UC Berkeley News


 The new Student-Athlete High Performance Center will be nestled into the curved slope west of California Memorial Stadium. The center's roof, level with the base of the historic west wall of the stadium, will form a plaza for activities on game days and year-round. A broad walkway will connect the training facility with academic buildings on the central campus, across Piedmont Avenue.

Regents certify EIR for southeast campus, approve design of student-athlete center
Unanimous approval by Committee on Grounds and Buildings paves the way for project viewed as key to the future success of Cal's athletic program

| 07 December 2006

The UC Board of Regents' Committee on Grounds and Buildings late Tuesday certified the environmental impact report for Berkeley's Southeast Campus Integrated Projects and approved the design of the Student-Athlete High Performance Center adjacent to Memorial Stadium.

The 7-0 vote in favor of the project serves as final approval from the regents for the environmental impact report (EIR) and design of the new center.

"We are very pleased with the action the regents took today," said Nathan Brostrom, vice chancellor for administration. "It is critical for the life safety of our staff, student-athletes, and the public that we move forward with this project. This vote enables us to proceed."

"This is an important benchmark for the campus," said Athletic Director Sandy Barbour. "It's a high priority for many reasons, including the success of our athletic program."

About 50 people, including Berkeley residents, environmentalists, and UC Berkeley alumni, attended the regents meeting at the Mission Bay campus of UC San Francisco.

Critics, including a representative of the city of Berkeley, raised objections to various aspects of the EIR and the project, including the removal of trees and seismic and public-safety concerns. Several urged the campus to relocate either the new student center or the entire stadium to the Edwards Track Stadium site on the southwest side of campus.

Supporters, meanwhile, spoke in favor of the Student-Athlete High Performance Center. "I find this instance of land-use management to be pretty optimal," said Leigh Whelpton, a Berkeley sophomore in conservation and resource studies.

"Our success as student-athletes depends on these services and facilities," said Whelpton, a member of the national championship women's crew team.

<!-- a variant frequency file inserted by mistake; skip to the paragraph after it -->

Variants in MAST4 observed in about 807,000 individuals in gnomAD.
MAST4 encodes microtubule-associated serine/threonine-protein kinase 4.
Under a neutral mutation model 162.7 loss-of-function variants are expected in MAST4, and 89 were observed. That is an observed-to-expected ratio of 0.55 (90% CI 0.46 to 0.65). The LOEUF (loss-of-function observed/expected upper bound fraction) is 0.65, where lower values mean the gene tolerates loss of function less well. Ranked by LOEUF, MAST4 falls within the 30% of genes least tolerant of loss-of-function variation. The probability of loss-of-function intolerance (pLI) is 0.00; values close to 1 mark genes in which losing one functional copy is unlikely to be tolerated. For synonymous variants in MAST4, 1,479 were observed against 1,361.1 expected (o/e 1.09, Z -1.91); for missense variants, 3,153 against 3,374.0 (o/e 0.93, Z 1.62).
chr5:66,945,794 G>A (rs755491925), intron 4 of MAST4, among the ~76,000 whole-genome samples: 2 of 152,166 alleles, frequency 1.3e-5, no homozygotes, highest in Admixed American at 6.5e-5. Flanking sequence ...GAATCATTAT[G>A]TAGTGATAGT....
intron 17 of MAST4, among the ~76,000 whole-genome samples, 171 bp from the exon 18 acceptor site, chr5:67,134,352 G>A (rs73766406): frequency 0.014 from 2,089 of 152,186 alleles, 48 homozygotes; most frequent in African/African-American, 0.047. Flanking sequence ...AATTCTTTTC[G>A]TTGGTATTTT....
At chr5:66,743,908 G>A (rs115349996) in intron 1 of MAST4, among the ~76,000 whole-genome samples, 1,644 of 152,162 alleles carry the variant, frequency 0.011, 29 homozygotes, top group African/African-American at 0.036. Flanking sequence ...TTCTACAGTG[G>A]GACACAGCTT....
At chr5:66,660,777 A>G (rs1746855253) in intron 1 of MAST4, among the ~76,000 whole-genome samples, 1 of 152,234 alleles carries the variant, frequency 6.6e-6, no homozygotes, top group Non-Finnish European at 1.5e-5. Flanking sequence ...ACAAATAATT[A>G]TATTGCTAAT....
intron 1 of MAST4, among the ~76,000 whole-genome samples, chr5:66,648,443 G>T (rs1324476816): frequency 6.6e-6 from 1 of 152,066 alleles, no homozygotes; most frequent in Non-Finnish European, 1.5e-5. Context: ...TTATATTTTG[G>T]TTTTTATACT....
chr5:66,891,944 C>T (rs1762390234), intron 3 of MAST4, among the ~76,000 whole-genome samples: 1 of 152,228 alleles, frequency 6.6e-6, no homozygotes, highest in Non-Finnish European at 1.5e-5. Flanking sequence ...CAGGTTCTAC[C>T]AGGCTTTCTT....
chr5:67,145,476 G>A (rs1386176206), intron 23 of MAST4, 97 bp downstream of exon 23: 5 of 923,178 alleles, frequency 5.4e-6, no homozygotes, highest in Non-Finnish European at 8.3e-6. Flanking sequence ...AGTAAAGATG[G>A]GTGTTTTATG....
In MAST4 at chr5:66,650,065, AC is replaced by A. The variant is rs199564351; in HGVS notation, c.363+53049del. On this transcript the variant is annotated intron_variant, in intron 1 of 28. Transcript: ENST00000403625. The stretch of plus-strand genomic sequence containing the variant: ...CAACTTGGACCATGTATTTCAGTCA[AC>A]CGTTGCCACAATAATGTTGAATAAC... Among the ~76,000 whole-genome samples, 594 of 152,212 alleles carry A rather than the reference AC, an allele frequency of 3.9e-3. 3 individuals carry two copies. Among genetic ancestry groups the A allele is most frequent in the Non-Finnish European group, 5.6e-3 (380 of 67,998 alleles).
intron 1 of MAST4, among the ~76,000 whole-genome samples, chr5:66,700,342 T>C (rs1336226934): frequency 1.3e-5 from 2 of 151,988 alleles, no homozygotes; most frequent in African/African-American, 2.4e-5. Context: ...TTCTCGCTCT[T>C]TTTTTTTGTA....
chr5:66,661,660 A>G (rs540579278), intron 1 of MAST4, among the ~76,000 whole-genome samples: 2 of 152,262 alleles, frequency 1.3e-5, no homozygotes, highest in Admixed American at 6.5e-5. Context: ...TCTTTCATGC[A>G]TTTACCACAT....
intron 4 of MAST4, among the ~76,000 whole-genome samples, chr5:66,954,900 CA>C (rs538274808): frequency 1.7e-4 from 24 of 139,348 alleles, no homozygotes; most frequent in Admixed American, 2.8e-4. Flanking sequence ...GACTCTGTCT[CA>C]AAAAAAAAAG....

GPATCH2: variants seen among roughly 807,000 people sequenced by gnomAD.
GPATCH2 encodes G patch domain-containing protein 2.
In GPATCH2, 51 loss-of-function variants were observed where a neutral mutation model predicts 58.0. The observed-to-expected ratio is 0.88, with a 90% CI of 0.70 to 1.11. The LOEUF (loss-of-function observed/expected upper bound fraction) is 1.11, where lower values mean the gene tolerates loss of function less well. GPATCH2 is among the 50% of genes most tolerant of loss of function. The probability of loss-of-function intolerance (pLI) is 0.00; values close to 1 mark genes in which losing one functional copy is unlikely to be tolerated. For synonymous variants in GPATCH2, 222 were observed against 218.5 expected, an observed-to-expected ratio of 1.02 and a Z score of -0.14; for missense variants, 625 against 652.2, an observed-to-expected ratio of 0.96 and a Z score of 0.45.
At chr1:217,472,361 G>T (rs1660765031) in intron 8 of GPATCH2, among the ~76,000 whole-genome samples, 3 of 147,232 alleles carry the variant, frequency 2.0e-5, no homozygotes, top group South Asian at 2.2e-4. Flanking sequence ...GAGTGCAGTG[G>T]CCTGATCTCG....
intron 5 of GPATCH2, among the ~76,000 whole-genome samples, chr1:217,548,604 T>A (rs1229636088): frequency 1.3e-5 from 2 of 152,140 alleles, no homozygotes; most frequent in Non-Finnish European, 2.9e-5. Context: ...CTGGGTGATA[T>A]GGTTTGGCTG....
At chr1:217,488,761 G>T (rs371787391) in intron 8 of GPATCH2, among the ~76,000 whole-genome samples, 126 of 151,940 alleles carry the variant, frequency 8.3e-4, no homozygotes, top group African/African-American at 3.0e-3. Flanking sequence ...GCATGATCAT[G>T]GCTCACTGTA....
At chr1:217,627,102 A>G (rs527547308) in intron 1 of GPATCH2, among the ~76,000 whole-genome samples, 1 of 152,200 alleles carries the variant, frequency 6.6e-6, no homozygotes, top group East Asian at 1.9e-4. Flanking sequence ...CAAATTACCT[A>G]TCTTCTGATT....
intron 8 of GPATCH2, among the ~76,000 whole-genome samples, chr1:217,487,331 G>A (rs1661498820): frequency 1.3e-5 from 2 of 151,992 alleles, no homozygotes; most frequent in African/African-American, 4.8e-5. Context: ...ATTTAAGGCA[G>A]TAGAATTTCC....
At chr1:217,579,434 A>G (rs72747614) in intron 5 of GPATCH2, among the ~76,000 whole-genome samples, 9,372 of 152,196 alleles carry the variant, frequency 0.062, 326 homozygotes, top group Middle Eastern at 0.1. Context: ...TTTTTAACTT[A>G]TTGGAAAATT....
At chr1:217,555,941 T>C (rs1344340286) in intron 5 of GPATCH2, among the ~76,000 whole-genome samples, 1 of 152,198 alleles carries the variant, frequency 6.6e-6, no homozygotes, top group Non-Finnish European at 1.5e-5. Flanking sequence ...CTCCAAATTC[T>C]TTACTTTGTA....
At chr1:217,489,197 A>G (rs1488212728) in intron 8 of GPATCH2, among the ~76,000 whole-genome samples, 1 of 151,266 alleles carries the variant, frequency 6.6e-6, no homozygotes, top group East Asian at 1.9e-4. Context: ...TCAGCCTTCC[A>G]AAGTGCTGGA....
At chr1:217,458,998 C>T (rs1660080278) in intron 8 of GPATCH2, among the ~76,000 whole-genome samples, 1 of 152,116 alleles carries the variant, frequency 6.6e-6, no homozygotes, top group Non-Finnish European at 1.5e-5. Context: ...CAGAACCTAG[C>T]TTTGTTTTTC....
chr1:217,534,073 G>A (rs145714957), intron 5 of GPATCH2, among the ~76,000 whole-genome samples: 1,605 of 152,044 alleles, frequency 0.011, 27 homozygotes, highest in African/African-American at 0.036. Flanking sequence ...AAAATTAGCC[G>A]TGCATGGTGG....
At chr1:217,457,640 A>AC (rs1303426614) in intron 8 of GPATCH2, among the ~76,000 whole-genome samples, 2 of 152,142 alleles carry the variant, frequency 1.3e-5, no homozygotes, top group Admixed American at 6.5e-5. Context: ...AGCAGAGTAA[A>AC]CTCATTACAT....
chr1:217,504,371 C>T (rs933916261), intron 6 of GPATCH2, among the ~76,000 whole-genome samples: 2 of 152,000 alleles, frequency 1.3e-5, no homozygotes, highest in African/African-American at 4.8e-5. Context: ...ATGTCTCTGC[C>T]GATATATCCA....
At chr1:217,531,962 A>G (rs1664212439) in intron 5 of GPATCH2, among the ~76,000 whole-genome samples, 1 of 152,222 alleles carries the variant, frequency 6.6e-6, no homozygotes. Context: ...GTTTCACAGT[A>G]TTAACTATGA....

In describing the EIR and the center design, Ed Denton, vice chancellor for facilities services, said the project meets three important goals: addressing needed seismic improvements, integrating athletics and academics, and improving the student-athlete experience.

The EIR examines the entire, long-range Southeast Campus Integrated Projects program within the context of the approved 15-year growth plan for the Berkeley campus. The projects' overall aim is to renovate and seismically strengthen Memorial Stadium and enhance and better integrate athletic and academic aspects of the campus.

The student-athlete center is the first of the projects to reach design stage. The center addresses the campus's most serious concern for life safety at the site, allowing students and staff - the daily occupants of the stadium's offices and training facilities - to move into a new, separate building outside of the seismically poor stadium.

The new center will provide training, sports medicine, and academic-support facilities. It will serve as a hub of operations for football and 12 Olympic team sports for men and women. The design calls for 109,000 square feet of usable space (142,000 total square feet) in two levels. The building will be mostly below the grade of the sloping site west of the stadium, allowing full views of the stadium's historic west wall from Piedmont Avenue.

To accommodate the structure, many mature trees in the area will have to be removed. To mitigate the loss of the trees, the student-athlete center has been planned to preserve the health of the remaining grove by safeguarding its natural water supply and drainage. In addition, 142 new trees will be planted, approximately three new trees for every mature tree removed.

The center's exterior will be made of stone to complement the natural setting, and the roof will form part of a nearly two-acre grand plaza for game-day and other activities outside the stadium's west entrances. Skylights and light wells will bring natural light into the building.

The other elements of the program, to come at a later date, include seismic strengthening and upgrades at the historic stadium, a new law and business building across from the stadium, landscape and site improvements along Piedmont Avenue, and a new parking structure topped by a playing field at the current site of Maxwell Family Field.

A Q&A on the stadium-area plans, including information on plans for trees, the student-athlete center, and the project timeline, are online at newscenter.berkeley.edu/goto/scip-faq.